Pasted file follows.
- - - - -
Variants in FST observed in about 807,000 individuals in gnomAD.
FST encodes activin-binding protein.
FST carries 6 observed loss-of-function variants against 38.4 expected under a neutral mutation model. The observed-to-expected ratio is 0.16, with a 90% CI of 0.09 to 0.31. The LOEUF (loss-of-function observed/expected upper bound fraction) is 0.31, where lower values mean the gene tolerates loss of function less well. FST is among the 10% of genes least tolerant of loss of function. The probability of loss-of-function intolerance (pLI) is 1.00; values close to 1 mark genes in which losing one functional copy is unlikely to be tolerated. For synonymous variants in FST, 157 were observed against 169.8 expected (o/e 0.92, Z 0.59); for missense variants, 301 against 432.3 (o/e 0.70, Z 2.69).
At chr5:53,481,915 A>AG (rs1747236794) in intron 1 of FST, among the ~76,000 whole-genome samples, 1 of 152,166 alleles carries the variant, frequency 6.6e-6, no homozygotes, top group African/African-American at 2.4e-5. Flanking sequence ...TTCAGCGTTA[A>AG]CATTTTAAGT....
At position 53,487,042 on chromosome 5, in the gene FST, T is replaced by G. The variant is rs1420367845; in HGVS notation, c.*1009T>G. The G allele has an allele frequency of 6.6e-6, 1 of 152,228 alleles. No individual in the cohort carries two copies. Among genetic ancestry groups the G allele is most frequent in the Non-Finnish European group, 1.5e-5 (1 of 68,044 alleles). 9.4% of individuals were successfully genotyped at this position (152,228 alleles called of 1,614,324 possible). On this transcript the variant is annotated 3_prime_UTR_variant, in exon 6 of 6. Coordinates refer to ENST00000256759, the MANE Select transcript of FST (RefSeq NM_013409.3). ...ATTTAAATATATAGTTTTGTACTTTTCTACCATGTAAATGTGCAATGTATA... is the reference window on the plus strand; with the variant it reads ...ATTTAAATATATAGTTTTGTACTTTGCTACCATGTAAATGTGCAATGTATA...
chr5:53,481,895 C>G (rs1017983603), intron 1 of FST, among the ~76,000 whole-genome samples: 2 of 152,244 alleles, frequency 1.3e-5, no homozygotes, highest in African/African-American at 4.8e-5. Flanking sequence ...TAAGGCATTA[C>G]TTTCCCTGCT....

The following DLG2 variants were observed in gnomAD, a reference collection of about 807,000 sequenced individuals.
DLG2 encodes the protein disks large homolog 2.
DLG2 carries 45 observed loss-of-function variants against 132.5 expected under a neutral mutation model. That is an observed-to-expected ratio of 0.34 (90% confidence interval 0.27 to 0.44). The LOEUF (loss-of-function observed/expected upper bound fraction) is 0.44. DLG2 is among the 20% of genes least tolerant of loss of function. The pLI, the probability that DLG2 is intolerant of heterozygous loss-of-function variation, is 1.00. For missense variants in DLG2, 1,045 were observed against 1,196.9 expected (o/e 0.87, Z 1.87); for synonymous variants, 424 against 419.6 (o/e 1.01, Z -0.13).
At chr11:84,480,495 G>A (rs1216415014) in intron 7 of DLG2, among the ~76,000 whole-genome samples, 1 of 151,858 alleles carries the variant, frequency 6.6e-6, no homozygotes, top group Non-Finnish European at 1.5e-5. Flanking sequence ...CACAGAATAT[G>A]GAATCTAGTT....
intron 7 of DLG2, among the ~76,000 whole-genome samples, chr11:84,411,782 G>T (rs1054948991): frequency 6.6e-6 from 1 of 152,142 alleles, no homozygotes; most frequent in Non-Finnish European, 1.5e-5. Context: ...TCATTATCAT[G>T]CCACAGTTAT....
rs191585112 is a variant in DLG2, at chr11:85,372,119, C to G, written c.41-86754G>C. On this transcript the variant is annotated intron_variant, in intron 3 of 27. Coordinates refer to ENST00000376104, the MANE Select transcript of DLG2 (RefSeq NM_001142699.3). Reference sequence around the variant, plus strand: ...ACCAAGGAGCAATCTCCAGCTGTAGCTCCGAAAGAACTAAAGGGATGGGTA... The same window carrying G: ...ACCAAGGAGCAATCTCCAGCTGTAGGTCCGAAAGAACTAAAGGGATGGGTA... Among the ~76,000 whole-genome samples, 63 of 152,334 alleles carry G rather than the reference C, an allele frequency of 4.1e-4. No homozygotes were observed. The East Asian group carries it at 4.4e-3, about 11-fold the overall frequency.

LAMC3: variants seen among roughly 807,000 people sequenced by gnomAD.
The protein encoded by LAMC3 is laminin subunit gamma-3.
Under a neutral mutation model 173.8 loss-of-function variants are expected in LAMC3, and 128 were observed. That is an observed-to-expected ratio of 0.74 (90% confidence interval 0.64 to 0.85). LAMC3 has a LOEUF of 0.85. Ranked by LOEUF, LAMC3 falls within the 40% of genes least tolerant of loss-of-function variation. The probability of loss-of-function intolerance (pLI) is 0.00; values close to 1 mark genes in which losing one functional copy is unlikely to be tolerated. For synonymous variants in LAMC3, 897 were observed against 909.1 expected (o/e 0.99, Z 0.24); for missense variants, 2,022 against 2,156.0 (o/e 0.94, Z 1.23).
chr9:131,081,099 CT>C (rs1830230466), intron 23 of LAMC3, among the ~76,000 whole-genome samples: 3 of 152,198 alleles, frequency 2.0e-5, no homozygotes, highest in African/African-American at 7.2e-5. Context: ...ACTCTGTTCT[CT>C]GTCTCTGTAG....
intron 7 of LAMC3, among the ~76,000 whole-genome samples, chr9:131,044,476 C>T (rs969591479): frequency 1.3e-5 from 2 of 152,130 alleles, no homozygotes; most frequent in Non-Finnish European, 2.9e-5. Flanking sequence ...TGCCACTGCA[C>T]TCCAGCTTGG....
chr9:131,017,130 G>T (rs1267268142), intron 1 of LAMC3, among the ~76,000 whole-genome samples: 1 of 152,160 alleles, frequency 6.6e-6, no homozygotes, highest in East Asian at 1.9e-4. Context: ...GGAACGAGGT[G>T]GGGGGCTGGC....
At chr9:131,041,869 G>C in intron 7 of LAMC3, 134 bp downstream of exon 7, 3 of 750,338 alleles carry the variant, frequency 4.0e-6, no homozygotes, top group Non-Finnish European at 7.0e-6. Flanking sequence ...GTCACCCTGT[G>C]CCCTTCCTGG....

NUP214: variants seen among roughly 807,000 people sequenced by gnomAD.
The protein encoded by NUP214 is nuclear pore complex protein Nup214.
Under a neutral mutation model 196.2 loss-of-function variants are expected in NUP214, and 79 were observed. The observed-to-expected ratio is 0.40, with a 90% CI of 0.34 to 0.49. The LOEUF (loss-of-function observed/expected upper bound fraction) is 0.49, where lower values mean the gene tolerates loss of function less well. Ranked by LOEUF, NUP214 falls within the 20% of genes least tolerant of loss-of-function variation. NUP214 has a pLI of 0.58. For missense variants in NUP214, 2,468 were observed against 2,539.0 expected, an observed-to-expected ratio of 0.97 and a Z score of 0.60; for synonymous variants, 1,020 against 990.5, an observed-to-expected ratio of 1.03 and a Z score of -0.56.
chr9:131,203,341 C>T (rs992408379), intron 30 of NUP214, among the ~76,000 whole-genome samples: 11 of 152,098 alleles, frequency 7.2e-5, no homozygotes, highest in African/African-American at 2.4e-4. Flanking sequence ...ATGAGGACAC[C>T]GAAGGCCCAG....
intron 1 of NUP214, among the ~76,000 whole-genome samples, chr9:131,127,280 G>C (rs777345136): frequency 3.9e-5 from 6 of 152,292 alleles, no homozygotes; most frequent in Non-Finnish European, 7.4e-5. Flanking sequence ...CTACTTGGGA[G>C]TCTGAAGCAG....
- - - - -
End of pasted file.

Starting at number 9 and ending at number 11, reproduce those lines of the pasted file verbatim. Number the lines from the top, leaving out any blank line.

DLG2 carries 45 observed loss-of-function variants against 132.5 expected under a neutral mutation model. That is an observed-to-expected ratio of 0.34 (90% confidence interval 0.27 to 0.44). The LOEUF (loss-of-function observed/expected upper bound fraction) is 0.44. DLG2 is among the 20% of genes least tolerant of loss of function. The pLI, the probability that DLG2 is intolerant of heterozygous loss-of-function variation, is 1.00. For missense variants in DLG2, 1,045 were observed against 1,196.9 expected (o/e 0.87, Z 1.87); for synonymous variants, 424 against 419.6 (o/e 1.01, Z -0.13).
At chr11:84,480,495 G>A (rs1216415014) in intron 7 of DLG2, among the ~76,000 whole-genome samples, 1 of 151,858 alleles carries the variant, frequency 6.6e-6, no homozygotes, top group Non-Finnish European at 1.5e-5. Flanking sequence ...CACAGAATAT[G>A]GAATCTAGTT....
intron 7 of DLG2, among the ~76,000 whole-genome samples, chr11:84,411,782 G>T (rs1054948991): frequency 6.6e-6 from 1 of 152,142 alleles, no homozygotes; most frequent in Non-Finnish European, 1.5e-5. Context: ...TCATTATCAT[G>T]CCACAGTTAT....